The lecture will be held in UMW’s Dodd Auditorium on Feb. 8 at 7:30 p.m. It is sponsored in part by The Dovetail Cultural Resource Group, and is open to the public free of charge.
African Americans fought a war on two fronts in World War II: against fascism abroad and against white supremacy at home. No group battled both as directly, made better use of the opportunities the war created or did more to lay the groundwork for the civil rights movement than the Tuskegee Airmen. These all-black fighter and bomber groups fought their way into the U.S. Army Air Forces, then battled Hitler’s Luftwaffe in the skies over Europe and Jim Crow’s forces at postings throughout the United States.
The speaker, University of North Texas Professor Todd Moye, author of Freedom Flyers, traces this story from the long struggle to force the War Department to train pilots of color, through the Tuskegee Airmen’s campaign to win equal opportunities to serve their country in wartime, to the postwar efforts to desegregate the Air Force.
The lecture will be held in UMW’s Dodd Auditorium on Feb. 13 at 7:30 p.m. It is sponsored in part by Yuh Prosthodontics, and is open to the public free of charge.
From his small Sun Records studio in Memphis, producer Sam Phillips was responsible for so many of the early rock ‘n’ roll hits that he has been hailed as the godfather of that musical genre. Beginning with Elvis Presley, Phillips went on to record such notables as Carl Perkins, Jerry Lee Lewis and Johnny Cash. It was in his studio in December, 1956, that those three, along with Elvis, serendipitously met for an informal session that has been recently immortalized in the popular musical The Million Dollar Quartet.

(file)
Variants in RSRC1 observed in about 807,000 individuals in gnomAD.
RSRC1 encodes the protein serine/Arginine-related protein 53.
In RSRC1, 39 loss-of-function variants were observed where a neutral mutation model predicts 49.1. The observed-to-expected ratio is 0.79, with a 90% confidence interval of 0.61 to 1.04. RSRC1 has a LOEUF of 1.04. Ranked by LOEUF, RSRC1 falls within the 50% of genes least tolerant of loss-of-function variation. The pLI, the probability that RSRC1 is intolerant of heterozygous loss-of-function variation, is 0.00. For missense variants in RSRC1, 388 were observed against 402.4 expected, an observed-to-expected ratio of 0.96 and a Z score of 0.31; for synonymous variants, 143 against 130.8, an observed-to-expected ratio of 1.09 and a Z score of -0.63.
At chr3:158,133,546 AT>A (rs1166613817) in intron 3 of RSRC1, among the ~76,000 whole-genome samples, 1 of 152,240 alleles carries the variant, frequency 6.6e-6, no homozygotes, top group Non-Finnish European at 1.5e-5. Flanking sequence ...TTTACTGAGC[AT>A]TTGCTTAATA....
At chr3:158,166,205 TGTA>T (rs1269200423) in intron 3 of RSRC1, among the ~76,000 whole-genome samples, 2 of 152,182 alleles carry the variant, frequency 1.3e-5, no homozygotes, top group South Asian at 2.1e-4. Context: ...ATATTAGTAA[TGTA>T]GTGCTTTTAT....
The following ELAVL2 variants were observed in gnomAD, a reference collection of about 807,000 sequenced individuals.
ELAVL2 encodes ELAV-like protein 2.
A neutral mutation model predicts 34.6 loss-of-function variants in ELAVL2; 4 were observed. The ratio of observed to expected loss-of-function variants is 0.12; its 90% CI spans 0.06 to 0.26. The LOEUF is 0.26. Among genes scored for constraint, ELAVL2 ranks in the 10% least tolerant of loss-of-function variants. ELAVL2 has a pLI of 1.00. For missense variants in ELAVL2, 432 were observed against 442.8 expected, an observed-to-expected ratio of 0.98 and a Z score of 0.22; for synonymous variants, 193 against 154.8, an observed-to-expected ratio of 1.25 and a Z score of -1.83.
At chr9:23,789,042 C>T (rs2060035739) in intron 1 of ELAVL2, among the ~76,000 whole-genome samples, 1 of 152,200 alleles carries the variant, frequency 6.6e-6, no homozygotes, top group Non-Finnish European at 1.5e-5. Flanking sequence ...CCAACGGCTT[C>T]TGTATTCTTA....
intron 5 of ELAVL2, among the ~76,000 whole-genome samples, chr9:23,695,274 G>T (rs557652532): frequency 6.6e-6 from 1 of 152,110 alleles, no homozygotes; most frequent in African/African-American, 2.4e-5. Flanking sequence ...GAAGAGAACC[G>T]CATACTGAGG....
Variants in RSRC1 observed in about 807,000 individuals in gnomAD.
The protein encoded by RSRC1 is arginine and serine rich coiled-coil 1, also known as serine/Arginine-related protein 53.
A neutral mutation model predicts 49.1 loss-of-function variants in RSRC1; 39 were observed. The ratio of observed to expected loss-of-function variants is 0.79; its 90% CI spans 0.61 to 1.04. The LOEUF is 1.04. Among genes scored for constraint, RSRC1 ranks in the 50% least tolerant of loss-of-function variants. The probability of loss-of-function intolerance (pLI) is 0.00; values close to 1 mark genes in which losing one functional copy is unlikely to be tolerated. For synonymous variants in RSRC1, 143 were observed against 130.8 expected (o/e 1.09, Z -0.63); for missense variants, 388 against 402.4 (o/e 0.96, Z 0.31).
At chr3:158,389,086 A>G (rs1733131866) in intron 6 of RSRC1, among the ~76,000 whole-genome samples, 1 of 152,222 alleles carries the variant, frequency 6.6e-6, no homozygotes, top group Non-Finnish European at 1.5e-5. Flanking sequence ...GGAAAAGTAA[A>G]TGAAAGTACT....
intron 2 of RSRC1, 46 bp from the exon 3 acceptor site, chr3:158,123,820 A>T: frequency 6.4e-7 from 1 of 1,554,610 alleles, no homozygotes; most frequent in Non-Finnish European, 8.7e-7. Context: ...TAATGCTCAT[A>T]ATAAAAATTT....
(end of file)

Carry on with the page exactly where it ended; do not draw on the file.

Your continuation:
Phillips’ impact on music and, by extension, on the larger American culture will be the subject of the Crawley Great Lives presentation on Feb. 15 by preeminent popular music historian Peter Guralnick, author of the definitive biographies of Elvis and, most recently, Sam Phillips.
The program will be held in UMW’s Dodd Auditorium at 7:30 p.m., and is open to the public free of charge.